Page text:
ELITE ADVISOR BEST PRACTICES
What Advisors Need to Know About Personalized Philanthropy
How you can build better long-term relationships by fostering collaboration among estate planners, philanthropic gift officers and your client donors. This trio of Elite Advisor Report contributors explains.
By CEG’s Elite Advisor Report staff
- Estate planning and philanthropic giving aren’t always driven by client values.
- Too much work in this field tends to be tool-driven, tax-driven and transactional.
- Transactional, tax-driven estate planning can coexist with higher estate tax thresholds and growing competition.
- The cross-disciplinary team approach to philanthropy and wealth transfer can be more effective than the sole-advisor approach.
Research shows that the vast majority of advisors underestimate their clients’ charitable intentions. Or sometimes fee-only advisors worry that transferring funds to charitable causes will diminish their assets under management. Either way, not understanding your clients’ charitable intentions is a lost opportunity and potentially a lost client.
When properly planned, philanthropy is about more than just tools and techniques. It’s about tax savings and financial benefits to the donor and family. Effective legacy planning also achieves measurable positive impact on the community, via specific programs at specific nonprofits in line with client intentions.
The client’s trusted advisor, working across a team of specialists, can fuse his or her respective skills and drill into a new, client-oriented, socially impactful legacy planning process. In the discovery/agreement phase, the trusted advisor will elicit client goals, dreams and aspirations. Then with the team, the advisor will construct a multidimensional plan to deliver the hard and soft benefits that your clients want for themselves, their family and society, today and upon their death.
On Thursday, March 19, Elite Advisor Report contributors Tim Belber, Phil Cubeta and Steven Meyers will draw from their expertise in law, academics, financial planning and gift giving to explain the new model for cross-discipline philanthropy.
At a highly anticipated breakout session at the Purposeful Planning Institute 2015 Fusion Collaboration Conference in Orlando, the trio will use examples and experiences to explore how this can be brought to life for your client families, what it can mean for your own practice and the impact it will have on communities.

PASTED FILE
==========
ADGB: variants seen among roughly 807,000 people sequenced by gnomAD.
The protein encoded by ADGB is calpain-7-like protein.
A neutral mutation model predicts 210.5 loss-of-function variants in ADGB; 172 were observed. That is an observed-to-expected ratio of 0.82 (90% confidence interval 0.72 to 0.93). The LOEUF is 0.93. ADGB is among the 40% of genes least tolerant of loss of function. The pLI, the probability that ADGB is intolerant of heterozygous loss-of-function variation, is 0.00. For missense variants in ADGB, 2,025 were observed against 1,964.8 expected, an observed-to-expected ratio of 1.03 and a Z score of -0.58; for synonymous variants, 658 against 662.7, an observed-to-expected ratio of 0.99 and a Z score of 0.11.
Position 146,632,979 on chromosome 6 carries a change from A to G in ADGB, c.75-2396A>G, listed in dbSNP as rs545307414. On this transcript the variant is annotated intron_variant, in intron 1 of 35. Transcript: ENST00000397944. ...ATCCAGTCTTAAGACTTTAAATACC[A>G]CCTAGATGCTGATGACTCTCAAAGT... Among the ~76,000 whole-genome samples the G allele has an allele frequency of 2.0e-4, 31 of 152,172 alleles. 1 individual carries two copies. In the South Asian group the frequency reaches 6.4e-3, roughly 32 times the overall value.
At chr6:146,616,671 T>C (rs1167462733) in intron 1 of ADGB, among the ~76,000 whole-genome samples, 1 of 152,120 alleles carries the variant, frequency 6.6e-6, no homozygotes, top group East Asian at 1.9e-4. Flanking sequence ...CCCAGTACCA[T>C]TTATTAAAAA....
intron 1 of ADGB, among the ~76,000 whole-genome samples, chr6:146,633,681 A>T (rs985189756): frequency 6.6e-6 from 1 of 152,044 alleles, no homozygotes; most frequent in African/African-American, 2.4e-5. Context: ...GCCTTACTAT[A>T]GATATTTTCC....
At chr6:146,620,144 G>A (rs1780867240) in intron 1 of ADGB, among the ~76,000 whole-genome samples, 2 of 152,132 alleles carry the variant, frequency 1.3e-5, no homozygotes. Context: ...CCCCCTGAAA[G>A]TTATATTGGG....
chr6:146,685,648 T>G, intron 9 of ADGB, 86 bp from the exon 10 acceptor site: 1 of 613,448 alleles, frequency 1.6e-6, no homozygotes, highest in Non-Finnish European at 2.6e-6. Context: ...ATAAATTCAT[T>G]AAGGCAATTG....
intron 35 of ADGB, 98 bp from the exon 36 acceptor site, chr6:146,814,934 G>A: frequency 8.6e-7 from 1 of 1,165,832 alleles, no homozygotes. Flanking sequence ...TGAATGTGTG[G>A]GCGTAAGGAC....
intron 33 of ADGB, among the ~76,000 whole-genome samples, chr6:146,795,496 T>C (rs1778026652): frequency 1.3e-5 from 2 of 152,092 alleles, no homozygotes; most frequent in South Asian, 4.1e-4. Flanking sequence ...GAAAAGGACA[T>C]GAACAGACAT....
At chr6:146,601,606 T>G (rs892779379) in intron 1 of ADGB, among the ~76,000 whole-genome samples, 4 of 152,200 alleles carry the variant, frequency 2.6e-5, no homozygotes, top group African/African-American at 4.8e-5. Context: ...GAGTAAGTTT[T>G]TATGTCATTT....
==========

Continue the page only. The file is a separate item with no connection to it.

Surveys spanning the past 10 years have revealed a large disconnect between donors, advisors and gift officers. There is a way to help families create a more meaningful and impactful philanthropic experience. It requires “out of the box” thinking, a willingness to embrace new strategies and a collaborative discussion among family members, advisors and philanthropic officers. Cubeta, Belber and Meyers will pave the way for advisors who want to cement client relationships for current and future generations.
Again, the presentation is called Personalized Philanthropy: A Collaboration between the Family Advisors, the Philanthropic Gift Officer and the Donor. Hope to see you in Orlando.
About the presenters
Philip B. Cubeta, CLU, ChFC, MSFS, CAP, is the Sallie B. and William B. Wallace Chair in Philanthropy at the American College of Financial Services. In that role, he develops curricula for the Chartered Advisor in Philanthropy (CAP®) designation. Prior to joining the American College, Phil was chief of staff for The Nautilus Group, a service of New York Life, located in Dallas, Texas, providing estate, business and philanthropic strategies to affluent clients through 200 of the company’s top agents. Phil’s essays on philanthropy have appeared in Tracy Gary’s Inspired Legacies (Wiley and Sons: 2008); H. Peter Karoff, The World We Want (Altimira Press: 2007); Amy Kass, Doing Well Doing Good: Readings for Thoughtful Philanthropists (Indiana University Press: 2008), and in Nonprofit Quarterly, Summer 2013.
Tim Belber, JD AEP, founder and principal of The Alchemia Group in Denver, focuses his practice on helping self-made families align the power of their financial assets with their long-term goals for flourishing as individuals and families across generations. Tim has degrees from the Wharton School and Seton Hall University School of Law and is an Accredited Estate Planner (AEP®). His most recent piece for Elite Advisor Report was Why Philanthropy Should Matter to Advisors.